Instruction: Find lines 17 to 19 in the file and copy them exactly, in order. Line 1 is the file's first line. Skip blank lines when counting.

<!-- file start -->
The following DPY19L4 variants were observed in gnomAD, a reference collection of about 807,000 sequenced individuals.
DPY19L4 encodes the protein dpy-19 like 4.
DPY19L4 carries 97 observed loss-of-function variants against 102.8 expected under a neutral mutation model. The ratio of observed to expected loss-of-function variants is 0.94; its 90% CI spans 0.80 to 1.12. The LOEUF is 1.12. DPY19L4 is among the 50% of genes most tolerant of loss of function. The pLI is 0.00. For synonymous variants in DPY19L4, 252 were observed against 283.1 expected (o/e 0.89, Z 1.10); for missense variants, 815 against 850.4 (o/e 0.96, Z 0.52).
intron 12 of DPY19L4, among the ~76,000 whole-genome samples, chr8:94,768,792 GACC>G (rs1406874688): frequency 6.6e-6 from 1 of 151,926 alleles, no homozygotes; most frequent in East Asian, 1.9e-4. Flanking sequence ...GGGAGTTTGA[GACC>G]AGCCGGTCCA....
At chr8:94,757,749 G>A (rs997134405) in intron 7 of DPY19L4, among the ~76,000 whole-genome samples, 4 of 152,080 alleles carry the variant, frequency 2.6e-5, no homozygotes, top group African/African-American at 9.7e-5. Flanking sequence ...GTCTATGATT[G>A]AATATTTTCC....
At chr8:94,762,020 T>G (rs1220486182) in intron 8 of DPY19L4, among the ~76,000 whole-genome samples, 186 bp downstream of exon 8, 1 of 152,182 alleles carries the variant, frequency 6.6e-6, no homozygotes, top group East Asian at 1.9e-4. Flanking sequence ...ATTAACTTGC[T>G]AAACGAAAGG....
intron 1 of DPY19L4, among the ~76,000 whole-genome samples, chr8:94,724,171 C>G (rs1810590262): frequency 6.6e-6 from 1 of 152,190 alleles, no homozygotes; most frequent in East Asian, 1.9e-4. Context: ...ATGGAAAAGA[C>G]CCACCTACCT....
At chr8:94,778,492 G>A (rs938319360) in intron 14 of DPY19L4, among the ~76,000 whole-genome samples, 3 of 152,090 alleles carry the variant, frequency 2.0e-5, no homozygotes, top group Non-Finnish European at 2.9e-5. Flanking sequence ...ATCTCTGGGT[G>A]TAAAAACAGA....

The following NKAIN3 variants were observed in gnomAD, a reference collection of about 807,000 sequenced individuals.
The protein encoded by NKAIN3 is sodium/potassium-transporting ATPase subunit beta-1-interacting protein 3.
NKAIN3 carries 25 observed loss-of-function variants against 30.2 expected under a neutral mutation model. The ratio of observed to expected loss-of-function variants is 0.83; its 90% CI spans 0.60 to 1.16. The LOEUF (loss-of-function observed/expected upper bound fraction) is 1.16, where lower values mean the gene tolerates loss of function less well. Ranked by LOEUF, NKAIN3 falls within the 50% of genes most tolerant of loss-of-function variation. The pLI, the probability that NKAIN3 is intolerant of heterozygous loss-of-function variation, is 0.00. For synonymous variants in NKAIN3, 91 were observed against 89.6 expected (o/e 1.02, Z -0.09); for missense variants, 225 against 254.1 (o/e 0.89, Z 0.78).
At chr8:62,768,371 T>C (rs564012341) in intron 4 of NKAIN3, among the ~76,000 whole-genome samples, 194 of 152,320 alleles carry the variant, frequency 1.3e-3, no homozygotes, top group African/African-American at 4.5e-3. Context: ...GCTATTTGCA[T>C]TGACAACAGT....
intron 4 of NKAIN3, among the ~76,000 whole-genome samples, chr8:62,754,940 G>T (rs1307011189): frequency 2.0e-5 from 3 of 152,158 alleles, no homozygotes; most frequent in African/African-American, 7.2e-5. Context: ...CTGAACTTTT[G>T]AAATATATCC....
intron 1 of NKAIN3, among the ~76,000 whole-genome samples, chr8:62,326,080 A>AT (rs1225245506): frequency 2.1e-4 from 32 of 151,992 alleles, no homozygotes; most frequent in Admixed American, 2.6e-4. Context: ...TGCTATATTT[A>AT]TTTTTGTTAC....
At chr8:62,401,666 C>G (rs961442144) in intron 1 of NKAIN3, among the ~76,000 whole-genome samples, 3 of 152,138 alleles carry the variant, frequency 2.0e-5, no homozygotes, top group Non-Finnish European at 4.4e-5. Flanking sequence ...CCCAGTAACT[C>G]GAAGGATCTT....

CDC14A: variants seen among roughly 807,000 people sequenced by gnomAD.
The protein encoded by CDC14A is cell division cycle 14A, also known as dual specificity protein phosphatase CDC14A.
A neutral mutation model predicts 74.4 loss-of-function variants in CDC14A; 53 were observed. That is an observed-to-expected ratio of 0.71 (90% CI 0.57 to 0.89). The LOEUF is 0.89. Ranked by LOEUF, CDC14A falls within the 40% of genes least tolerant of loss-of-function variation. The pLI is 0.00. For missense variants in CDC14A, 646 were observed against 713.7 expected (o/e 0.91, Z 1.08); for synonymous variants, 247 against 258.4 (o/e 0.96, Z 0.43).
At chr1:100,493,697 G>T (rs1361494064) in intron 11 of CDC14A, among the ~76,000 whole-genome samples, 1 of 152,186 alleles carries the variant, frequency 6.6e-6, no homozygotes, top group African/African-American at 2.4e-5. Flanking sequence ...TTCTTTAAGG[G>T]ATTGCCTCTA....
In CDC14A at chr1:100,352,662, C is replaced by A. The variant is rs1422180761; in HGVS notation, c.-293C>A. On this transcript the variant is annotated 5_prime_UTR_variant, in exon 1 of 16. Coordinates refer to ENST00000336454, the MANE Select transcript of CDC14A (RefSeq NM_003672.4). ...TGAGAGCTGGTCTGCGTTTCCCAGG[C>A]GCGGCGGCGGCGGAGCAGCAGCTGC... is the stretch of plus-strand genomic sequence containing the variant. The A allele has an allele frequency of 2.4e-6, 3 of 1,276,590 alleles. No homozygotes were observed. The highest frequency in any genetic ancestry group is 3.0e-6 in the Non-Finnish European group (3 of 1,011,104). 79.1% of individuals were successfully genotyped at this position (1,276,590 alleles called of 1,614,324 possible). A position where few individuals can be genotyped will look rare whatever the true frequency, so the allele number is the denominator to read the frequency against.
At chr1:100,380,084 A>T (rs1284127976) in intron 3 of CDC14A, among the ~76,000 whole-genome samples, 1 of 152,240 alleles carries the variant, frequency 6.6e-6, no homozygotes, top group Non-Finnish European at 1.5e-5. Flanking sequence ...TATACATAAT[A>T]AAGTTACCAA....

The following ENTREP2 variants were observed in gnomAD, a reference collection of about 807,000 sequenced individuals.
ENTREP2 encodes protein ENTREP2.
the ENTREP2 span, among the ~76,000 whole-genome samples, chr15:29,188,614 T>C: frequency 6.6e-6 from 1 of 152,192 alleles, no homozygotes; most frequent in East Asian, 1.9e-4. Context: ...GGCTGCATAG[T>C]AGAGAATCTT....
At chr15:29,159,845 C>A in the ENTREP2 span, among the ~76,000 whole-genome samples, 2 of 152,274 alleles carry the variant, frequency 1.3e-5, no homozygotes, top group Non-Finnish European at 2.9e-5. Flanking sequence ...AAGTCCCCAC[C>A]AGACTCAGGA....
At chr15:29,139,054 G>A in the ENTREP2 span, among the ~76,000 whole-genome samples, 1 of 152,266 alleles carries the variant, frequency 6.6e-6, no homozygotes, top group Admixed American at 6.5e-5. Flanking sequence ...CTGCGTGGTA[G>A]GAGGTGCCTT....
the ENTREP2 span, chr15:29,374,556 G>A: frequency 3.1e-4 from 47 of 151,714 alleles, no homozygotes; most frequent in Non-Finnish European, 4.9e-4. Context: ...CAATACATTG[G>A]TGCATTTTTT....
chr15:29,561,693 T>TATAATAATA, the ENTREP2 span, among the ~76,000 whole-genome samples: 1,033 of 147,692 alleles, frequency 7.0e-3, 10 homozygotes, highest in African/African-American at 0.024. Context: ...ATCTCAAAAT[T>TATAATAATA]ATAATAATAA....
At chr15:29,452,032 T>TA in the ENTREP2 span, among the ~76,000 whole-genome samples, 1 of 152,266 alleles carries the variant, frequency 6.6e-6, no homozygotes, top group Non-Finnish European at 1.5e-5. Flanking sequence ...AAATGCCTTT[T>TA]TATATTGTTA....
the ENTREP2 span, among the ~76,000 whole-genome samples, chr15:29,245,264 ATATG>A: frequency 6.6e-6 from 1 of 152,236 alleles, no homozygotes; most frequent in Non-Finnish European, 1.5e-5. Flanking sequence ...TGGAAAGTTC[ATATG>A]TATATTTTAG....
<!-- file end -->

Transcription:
The protein encoded by CDC14A is cell division cycle 14A, also known as dual specificity protein phosphatase CDC14A.
A neutral mutation model predicts 74.4 loss-of-function variants in CDC14A; 53 were observed. That is an observed-to-expected ratio of 0.71 (90% CI 0.57 to 0.89). The LOEUF is 0.89. Ranked by LOEUF, CDC14A falls within the 40% of genes least tolerant of loss-of-function variation. The pLI is 0.00. For missense variants in CDC14A, 646 were observed against 713.7 expected (o/e 0.91, Z 1.08); for synonymous variants, 247 against 258.4 (o/e 0.96, Z 0.43).
At chr1:100,493,697 G>T (rs1361494064) in intron 11 of CDC14A, among the ~76,000 whole-genome samples, 1 of 152,186 alleles carries the variant, frequency 6.6e-6, no homozygotes, top group African/African-American at 2.4e-5. Flanking sequence ...TTCTTTAAGG[G>T]ATTGCCTCTA....